Social Security, our nation's most prized social program, is responsible for providing benefits to over 46 million retired workers each month and is singlehandedly pulling more than 15 million of those retirees out of poverty. It's also a program that's in some pretty big trouble.
Since 1985, the annually released Social Security Board of Trustees report has cautioned that the program's long-term (75-year) outlays wouldn't cover projected revenue collection. As of 2020, Social Security's unfunded obligations through 2094 had ballooned to a whopping $16.8 trillion. Without intervention from Capitol Hill, retired workers could face sweeping benefit cuts of up to 24%, beginning in 2035.
There's no question Social Security needs some help, and that's expected to start at the top, with President Trump. For the most part, Trump has maintained a hands-off approach with Social Security, choosing instead to indirectly influence the program by attempting to boost payroll tax collection via lower corporate and individual tax rates. But make no mistake about it -- even though Trump has largely avoided calling for direct policy changes to Social Security, he's previously suggested cutting benefits three separate ways.
Eliminating waste in the SSDI program
To begin with, each of President Trump's federal budget proposals while in office have called for an overhaul of the Social Security Disability Insurance (SSDI) program, which was providing benefits to nearly 9.8 million people, as of August 2020. This overhaul focused on eliminating wasteful spending within SSDI, as well as reducing retroactive benefits paid to eventually approved beneficiaries from a period of 12 months to six months.
Since presidential budget proposals estimate the economic impact of fiscal policy actions for a period of 10 years, Trump's federal budgets were expected to reduce SSDI outlays by the following amounts over the subsequent decade (a federal fiscal year runs Oct. 1 through Sept. 30):
There are two things worth noting here. First, these figures are a drop in the bucket relative to what Social Security is expected to outlay over the next decade. According to estimates, Social Security is estimated to expend more than $15 trillion, in aggregate, over the next 10 years. This means a $24 billion to $72 billion outlay reduction to resolve perceived inefficiencies in the SSDI program represents a mere fraction of total outlays.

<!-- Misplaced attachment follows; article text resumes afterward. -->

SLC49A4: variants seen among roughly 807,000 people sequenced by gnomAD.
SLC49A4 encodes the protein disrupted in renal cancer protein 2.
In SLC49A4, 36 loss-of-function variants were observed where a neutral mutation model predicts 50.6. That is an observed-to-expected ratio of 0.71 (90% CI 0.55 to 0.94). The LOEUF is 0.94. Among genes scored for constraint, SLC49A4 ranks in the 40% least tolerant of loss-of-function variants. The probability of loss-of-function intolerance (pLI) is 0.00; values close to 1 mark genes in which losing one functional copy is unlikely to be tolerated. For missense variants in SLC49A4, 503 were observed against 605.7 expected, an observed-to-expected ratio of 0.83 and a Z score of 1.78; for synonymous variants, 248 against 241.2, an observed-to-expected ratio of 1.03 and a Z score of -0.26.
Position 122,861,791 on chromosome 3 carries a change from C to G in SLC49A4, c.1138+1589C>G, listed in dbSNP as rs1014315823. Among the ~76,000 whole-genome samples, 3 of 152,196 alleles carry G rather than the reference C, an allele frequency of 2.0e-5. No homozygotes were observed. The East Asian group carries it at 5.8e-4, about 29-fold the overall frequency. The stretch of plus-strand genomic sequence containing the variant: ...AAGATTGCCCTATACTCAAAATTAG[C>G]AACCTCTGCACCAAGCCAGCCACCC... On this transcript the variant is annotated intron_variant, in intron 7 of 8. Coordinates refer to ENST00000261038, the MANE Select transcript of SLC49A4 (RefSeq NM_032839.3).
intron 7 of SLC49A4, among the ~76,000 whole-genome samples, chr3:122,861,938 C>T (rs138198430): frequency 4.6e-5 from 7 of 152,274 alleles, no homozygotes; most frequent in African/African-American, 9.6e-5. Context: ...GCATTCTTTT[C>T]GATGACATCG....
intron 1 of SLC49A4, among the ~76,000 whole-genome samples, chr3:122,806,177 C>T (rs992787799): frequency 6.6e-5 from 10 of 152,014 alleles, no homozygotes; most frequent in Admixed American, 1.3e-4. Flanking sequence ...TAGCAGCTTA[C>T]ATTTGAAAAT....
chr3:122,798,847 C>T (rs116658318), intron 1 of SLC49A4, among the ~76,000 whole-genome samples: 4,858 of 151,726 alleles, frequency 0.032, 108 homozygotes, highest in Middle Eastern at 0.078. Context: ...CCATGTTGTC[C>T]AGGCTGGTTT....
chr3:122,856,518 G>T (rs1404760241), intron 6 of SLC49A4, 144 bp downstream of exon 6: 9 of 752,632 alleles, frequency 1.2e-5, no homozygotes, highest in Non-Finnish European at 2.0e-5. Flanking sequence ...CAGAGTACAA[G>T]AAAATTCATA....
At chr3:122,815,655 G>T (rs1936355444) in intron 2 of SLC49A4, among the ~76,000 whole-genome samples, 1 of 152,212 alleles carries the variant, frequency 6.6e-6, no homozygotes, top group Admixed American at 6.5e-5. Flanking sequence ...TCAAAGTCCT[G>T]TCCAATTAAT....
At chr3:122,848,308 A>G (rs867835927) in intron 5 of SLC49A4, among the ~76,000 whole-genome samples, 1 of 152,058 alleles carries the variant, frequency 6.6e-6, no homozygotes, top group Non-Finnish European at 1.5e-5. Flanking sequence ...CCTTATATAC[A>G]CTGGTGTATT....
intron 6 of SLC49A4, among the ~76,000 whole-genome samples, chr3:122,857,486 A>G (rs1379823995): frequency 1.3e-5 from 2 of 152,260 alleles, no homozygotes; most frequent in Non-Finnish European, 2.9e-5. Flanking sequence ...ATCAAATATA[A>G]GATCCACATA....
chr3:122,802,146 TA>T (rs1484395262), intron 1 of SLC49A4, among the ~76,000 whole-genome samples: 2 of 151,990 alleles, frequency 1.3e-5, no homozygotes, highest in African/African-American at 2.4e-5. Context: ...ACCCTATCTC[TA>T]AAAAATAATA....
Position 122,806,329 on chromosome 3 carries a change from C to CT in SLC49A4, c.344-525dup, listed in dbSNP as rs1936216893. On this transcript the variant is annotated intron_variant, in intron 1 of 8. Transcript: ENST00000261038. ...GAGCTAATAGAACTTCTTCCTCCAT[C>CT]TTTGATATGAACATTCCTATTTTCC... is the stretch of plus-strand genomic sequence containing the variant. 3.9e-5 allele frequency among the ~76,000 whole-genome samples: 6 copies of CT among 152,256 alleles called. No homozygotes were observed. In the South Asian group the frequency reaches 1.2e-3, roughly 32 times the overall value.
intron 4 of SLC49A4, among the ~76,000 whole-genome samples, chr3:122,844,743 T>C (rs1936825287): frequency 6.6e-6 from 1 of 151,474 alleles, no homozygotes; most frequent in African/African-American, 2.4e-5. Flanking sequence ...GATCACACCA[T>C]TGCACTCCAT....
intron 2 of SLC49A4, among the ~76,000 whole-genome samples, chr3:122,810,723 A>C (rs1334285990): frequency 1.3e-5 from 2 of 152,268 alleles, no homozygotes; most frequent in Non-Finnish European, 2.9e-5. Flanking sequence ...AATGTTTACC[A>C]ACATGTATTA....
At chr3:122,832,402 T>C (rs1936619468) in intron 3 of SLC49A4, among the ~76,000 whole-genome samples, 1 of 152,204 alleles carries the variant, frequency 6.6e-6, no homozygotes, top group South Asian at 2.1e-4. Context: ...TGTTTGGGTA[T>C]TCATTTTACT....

Second, presidential budget proposals have historically represented nothing more than a starting point for more thorough budget discussions in Congress. This is to say that none of Trump's four proposals were ever given much credence as concrete spending plans.
A call for means testing
Another pathway to Social Security benefit cuts, loosely proposed by President Trump while on the campaign trail four years ago, is means testing, which would partially or fully phase-out benefits for individuals who earn more than preset income thresholds. In other words, it would keep well-to-do seniors from receiving a full benefit or perhaps any benefit at all, if they aren't reliant on their Social Security income to make ends meet.
Trump has previously suggested that he wouldn't take a Social Security benefit and that other wealthy individuals should follow suit. However, without seeing Trump's tax returns, it's unknown whether or not the president is currently receiving a monthly payout from the program.
Additionally, it's worth pointing out that President Trump has never made means testing for Social Security benefits an official proposal. It was merely a discussion point tossed out by Trump prior to his 2016 election as a way to reduce Social Security's long-term outlays.
Interestingly, means testing might be one of the few Social Security changes America's politically divided Congress could agree on. Although Democrats are generally against the idea of any policy changes that would result in Social Security benefit cuts, reducing outlays to the highest-earning seniors might be something they'd consider. To add, means testing is something that Democratic Party presidential nominee and current polling front-runner Joe Biden has tossed around as a Social Security solution in the past.
A partial or permanent elimination of the payroll tax
The third and most recent example of President Trump's call for Social Security benefit cuts involves his pursuit of a partial or permanent cut to the payroll tax. The 12.4% payroll tax on earned income (wages and salary, but not investment income) was responsible for $944.5 billion of the $1.06 trillion that Social Security collected in 2019.
In an effort to combat the economic struggles tied to the coronavirus disease 2019 (COVID-19) pandemic, Trump signed an executive order in mid-August that deferred payroll tax collection between Sept. 1 and Dec. 31. This deferral was designed to beef up workers' paychecks for the remainder of 2020 but have those same workers repay what was deferred in 2021. Some states and businesses have chosen to opt out of the voluntary deferral program.
President Trump has also tossed around the idea of permanently eliminating the payroll tax, if reelected. This would allow workers to receive beefier paychecks but would remove the most critical source of Social Security's funding. It should be pointed out that while Trump has mentioned the idea of eliminating the payroll tax on more than one occasion, no one else in his administration has taken the idea seriously, as it would leave a gaping hole in the Social Security program. Neither Democrats nor Republicans would be in favor of eliminating the payroll tax.